“What do you do if a bad guy comes to your school with a gun?”
Welcome to the worst question I’ve ever had to ask Elijah and Luca. A sick and lost kid opened fire in Florida and killed 17 of his classmates and teachers. This, coming out of the deadliest year for mass shootings in America.
Oh, it could never happen in Evanston. We’re too liberal. We’ve got good parents. We’re an anti-gun community. Our kids are smart and healthy and have good support.
And yet, I had to ask.
I knew their school runs “Code Red” drills, which is so sad I can barely keep from barfing. But I wondered if the boys gave the subject any more thought than putting a book on their head during a tornado drill.
“I would run,” Luca said, “We have a door to the outside in our room.” I explained that running wasn’t always the best answer. He should listen to his teacher and do whatever he said. Sometimes hiding is better. Never in my wildest dreams did I think I would be debating active shooter strategies with my 8 year old.
Luca nodded with eyes that said, “I am going to run.”
Eli said they have a whole plan. Lock the door, hide, get in the closet if you can.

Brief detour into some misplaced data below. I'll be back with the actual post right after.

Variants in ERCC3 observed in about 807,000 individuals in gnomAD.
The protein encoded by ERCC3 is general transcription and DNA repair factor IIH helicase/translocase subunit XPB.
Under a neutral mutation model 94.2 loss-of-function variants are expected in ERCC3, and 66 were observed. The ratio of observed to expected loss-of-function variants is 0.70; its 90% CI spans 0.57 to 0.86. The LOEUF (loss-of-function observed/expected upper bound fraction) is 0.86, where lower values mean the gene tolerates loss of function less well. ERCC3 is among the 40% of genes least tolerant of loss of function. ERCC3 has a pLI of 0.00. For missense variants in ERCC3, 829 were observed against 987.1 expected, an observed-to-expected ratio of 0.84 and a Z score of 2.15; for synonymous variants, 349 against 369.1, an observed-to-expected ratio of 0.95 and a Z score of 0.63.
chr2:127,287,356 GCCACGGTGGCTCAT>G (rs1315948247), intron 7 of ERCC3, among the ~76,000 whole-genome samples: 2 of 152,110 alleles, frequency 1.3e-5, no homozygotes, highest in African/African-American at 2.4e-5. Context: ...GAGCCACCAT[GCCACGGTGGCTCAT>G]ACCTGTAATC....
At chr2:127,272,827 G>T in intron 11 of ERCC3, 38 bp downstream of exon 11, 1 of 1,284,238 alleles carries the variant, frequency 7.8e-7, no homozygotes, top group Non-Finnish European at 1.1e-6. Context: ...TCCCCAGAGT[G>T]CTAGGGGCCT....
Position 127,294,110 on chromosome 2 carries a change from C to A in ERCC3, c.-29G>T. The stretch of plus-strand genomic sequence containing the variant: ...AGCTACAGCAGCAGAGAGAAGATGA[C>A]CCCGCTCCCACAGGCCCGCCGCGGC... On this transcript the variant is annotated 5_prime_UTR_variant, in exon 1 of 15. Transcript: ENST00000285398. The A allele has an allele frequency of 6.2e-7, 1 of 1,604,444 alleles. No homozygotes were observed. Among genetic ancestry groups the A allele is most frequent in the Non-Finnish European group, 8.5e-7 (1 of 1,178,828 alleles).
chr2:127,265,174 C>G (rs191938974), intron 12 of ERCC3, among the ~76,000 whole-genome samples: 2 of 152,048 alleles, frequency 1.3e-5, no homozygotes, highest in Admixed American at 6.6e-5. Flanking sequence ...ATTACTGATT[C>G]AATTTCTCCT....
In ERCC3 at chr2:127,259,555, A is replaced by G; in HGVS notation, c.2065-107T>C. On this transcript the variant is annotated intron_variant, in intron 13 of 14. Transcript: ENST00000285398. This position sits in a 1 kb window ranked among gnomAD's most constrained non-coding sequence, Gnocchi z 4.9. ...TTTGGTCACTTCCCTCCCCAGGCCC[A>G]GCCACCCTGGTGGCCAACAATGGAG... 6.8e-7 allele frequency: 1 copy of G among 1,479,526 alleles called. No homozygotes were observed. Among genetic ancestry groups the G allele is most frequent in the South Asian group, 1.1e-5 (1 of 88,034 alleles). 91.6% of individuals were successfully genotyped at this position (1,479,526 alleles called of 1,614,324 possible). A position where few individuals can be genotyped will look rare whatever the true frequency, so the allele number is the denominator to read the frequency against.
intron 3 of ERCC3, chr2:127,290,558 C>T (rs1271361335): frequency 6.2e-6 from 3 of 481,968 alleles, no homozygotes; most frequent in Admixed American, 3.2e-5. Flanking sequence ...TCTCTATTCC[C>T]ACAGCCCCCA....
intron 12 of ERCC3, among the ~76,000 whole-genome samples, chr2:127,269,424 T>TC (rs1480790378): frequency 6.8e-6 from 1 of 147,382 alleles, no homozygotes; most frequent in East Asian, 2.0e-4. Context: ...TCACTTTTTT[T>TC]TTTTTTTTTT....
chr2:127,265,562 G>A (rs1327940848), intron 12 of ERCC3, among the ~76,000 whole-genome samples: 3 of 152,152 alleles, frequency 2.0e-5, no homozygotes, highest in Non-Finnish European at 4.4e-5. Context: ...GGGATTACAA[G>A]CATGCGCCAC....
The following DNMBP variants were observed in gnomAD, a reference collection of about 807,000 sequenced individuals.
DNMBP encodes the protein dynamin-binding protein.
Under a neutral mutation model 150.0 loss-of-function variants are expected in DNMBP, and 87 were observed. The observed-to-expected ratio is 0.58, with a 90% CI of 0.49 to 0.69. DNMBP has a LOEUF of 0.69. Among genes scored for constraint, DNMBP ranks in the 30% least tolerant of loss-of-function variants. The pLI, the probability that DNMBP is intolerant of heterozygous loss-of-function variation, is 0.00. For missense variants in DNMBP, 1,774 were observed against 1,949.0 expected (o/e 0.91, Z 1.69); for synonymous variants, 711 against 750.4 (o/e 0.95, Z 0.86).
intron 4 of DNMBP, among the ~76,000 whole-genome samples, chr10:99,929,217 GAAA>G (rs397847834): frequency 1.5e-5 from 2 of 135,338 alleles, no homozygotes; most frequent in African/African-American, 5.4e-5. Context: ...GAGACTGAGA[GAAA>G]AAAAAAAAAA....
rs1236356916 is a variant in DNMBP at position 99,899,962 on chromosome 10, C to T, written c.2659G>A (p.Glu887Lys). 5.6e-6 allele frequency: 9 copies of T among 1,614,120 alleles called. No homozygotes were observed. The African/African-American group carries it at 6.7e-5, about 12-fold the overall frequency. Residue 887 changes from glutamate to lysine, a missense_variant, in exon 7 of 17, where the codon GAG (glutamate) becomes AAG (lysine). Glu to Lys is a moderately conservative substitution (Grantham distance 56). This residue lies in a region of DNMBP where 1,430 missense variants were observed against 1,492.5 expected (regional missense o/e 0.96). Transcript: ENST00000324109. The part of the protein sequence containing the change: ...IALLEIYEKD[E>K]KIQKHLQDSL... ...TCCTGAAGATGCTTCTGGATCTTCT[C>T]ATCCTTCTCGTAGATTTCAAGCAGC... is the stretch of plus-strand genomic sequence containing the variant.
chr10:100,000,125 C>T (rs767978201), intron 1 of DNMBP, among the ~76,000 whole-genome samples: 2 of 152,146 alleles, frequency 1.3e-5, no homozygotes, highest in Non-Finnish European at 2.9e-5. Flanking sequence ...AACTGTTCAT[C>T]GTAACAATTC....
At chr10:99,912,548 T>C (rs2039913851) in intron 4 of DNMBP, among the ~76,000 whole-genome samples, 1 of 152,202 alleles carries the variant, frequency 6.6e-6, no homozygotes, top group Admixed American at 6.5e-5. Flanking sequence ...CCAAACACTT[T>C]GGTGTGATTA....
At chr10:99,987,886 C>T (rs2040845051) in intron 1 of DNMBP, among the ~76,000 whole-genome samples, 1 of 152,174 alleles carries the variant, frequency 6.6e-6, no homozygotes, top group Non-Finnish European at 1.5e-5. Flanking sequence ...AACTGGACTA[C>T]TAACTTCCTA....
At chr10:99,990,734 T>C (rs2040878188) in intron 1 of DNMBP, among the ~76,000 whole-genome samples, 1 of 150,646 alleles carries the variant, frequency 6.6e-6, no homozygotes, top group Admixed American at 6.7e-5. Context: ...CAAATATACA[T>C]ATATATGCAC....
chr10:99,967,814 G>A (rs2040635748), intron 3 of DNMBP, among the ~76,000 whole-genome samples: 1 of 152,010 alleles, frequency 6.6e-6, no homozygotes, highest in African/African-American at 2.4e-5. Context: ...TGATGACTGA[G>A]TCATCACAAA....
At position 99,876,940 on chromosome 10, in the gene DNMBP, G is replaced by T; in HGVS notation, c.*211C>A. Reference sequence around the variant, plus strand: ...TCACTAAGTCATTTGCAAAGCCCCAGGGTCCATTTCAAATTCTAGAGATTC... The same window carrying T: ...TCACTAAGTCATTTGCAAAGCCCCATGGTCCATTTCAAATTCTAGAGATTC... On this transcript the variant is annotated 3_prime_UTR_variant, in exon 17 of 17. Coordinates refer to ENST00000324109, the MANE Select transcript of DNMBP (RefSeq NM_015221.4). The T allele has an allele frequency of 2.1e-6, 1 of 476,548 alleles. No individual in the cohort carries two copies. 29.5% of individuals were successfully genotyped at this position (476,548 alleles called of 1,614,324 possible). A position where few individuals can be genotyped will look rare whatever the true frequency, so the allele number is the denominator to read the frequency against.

Luca said, “I am going to run.”
Eli looked genuinely hurt. “I’m on the third floor. You would just leave me and run?” And my heart broke again for the umpteenth time.
The night of the shooting, I sat in shock like most of America, unable to turn off the cable news. Eli came in and sat with me. We watched in silence as pundits tried to find blame, as the same clips of children racing on the sidewalk with their hands raised played over and over.
I wondered if this was bad parenting. Shouldn’t I be protecting my little boy from this kind of reality? Should I be building a Disney Star Wars utopia for him to live in? Shielded from the horror of, well, life?
Eli simply said, “This is sad.”
I said, “Yep. Let’s go read books.”
And then we read comics and talked about zits.